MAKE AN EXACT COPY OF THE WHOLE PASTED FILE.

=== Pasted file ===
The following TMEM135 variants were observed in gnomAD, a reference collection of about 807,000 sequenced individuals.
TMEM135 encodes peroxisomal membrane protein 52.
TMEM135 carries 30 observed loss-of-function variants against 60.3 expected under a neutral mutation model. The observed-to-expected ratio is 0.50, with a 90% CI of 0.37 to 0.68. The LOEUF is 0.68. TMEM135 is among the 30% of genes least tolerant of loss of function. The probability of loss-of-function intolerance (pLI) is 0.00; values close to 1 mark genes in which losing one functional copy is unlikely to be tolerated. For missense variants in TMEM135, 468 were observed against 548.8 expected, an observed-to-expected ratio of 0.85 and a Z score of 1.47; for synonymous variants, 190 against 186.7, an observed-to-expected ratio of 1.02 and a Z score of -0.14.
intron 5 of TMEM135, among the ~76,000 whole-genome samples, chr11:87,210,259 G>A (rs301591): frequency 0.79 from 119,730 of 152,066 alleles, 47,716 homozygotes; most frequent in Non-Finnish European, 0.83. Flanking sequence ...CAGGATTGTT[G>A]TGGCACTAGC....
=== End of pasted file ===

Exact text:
The following TMEM135 variants were observed in gnomAD, a reference collection of about 807,000 sequenced individuals.
TMEM135 encodes peroxisomal membrane protein 52.
TMEM135 carries 30 observed loss-of-function variants against 60.3 expected under a neutral mutation model. The observed-to-expected ratio is 0.50, with a 90% CI of 0.37 to 0.68. The LOEUF is 0.68. TMEM135 is among the 30% of genes least tolerant of loss of function. The probability of loss-of-function intolerance (pLI) is 0.00; values close to 1 mark genes in which losing one functional copy is unlikely to be tolerated. For missense variants in TMEM135, 468 were observed against 548.8 expected, an observed-to-expected ratio of 0.85 and a Z score of 1.47; for synonymous variants, 190 against 186.7, an observed-to-expected ratio of 1.02 and a Z score of -0.14.
intron 5 of TMEM135, among the ~76,000 whole-genome samples, chr11:87,210,259 G>A (rs301591): frequency 0.79 from 119,730 of 152,066 alleles, 47,716 homozygotes; most frequent in Non-Finnish European, 0.83. Flanking sequence ...CAGGATTGTT[G>A]TGGCACTAGC....